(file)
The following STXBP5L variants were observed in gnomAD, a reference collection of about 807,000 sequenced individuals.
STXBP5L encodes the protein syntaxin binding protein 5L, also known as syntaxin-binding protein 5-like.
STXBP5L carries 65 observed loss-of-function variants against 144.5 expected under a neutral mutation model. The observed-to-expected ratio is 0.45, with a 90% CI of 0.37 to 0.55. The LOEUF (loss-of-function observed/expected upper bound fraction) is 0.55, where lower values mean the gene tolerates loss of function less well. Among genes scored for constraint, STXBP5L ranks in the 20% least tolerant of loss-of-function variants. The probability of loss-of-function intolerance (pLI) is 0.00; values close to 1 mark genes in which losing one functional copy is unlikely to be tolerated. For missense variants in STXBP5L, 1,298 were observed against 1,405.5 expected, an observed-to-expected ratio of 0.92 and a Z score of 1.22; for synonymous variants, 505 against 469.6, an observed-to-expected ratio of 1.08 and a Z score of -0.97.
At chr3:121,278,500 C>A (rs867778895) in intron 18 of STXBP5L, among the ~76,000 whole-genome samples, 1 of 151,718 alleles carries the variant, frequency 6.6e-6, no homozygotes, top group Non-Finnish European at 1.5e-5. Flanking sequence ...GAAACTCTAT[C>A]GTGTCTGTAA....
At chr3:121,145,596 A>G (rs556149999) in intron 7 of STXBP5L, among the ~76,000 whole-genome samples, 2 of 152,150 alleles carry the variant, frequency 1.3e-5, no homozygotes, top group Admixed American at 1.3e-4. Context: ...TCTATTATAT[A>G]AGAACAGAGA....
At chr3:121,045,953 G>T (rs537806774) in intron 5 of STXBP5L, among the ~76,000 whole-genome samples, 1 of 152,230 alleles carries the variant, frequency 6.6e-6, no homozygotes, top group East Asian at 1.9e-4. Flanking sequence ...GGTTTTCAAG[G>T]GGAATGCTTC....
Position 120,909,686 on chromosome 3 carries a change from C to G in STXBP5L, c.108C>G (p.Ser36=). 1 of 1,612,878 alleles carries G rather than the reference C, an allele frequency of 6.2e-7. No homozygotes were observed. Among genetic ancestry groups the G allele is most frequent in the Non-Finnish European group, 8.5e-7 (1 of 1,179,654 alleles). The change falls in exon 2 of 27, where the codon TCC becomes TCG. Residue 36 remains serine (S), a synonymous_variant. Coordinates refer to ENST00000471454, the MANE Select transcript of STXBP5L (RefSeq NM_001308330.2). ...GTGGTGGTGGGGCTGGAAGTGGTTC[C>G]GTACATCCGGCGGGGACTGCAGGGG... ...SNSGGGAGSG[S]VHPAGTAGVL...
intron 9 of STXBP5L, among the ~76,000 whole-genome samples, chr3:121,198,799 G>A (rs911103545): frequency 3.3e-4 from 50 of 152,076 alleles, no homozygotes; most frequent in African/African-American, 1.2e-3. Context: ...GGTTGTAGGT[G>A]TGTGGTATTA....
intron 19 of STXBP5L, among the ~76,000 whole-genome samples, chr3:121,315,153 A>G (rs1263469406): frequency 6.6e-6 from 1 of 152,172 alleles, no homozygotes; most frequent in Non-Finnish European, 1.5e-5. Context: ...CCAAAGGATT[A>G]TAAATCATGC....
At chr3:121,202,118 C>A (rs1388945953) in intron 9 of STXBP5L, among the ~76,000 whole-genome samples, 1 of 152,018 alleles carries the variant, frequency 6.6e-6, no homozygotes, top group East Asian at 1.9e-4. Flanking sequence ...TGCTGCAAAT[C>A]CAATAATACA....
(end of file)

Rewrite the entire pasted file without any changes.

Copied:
The following STXBP5L variants were observed in gnomAD, a reference collection of about 807,000 sequenced individuals.
STXBP5L encodes the protein syntaxin binding protein 5L, also known as syntaxin-binding protein 5-like.
STXBP5L carries 65 observed loss-of-function variants against 144.5 expected under a neutral mutation model. The observed-to-expected ratio is 0.45, with a 90% CI of 0.37 to 0.55. The LOEUF (loss-of-function observed/expected upper bound fraction) is 0.55, where lower values mean the gene tolerates loss of function less well. Among genes scored for constraint, STXBP5L ranks in the 20% least tolerant of loss-of-function variants. The probability of loss-of-function intolerance (pLI) is 0.00; values close to 1 mark genes in which losing one functional copy is unlikely to be tolerated. For missense variants in STXBP5L, 1,298 were observed against 1,405.5 expected, an observed-to-expected ratio of 0.92 and a Z score of 1.22; for synonymous variants, 505 against 469.6, an observed-to-expected ratio of 1.08 and a Z score of -0.97.
At chr3:121,278,500 C>A (rs867778895) in intron 18 of STXBP5L, among the ~76,000 whole-genome samples, 1 of 151,718 alleles carries the variant, frequency 6.6e-6, no homozygotes, top group Non-Finnish European at 1.5e-5. Flanking sequence ...GAAACTCTAT[C>A]GTGTCTGTAA....
At chr3:121,145,596 A>G (rs556149999) in intron 7 of STXBP5L, among the ~76,000 whole-genome samples, 2 of 152,150 alleles carry the variant, frequency 1.3e-5, no homozygotes, top group Admixed American at 1.3e-4. Context: ...TCTATTATAT[A>G]AGAACAGAGA....
At chr3:121,045,953 G>T (rs537806774) in intron 5 of STXBP5L, among the ~76,000 whole-genome samples, 1 of 152,230 alleles carries the variant, frequency 6.6e-6, no homozygotes, top group East Asian at 1.9e-4. Flanking sequence ...GGTTTTCAAG[G>T]GGAATGCTTC....
Position 120,909,686 on chromosome 3 carries a change from C to G in STXBP5L, c.108C>G (p.Ser36=). 1 of 1,612,878 alleles carries G rather than the reference C, an allele frequency of 6.2e-7. No homozygotes were observed. Among genetic ancestry groups the G allele is most frequent in the Non-Finnish European group, 8.5e-7 (1 of 1,179,654 alleles). The change falls in exon 2 of 27, where the codon TCC becomes TCG. Residue 36 remains serine (S), a synonymous_variant. Coordinates refer to ENST00000471454, the MANE Select transcript of STXBP5L (RefSeq NM_001308330.2). ...GTGGTGGTGGGGCTGGAAGTGGTTC[C>G]GTACATCCGGCGGGGACTGCAGGGG... ...SNSGGGAGSG[S]VHPAGTAGVL...
intron 9 of STXBP5L, among the ~76,000 whole-genome samples, chr3:121,198,799 G>A (rs911103545): frequency 3.3e-4 from 50 of 152,076 alleles, no homozygotes; most frequent in African/African-American, 1.2e-3. Context: ...GGTTGTAGGT[G>A]TGTGGTATTA....
intron 19 of STXBP5L, among the ~76,000 whole-genome samples, chr3:121,315,153 A>G (rs1263469406): frequency 6.6e-6 from 1 of 152,172 alleles, no homozygotes; most frequent in Non-Finnish European, 1.5e-5. Context: ...CCAAAGGATT[A>G]TAAATCATGC....
At chr3:121,202,118 C>A (rs1388945953) in intron 9 of STXBP5L, among the ~76,000 whole-genome samples, 1 of 152,018 alleles carries the variant, frequency 6.6e-6, no homozygotes, top group East Asian at 1.9e-4. Flanking sequence ...TGCTGCAAAT[C>A]CAATAATACA....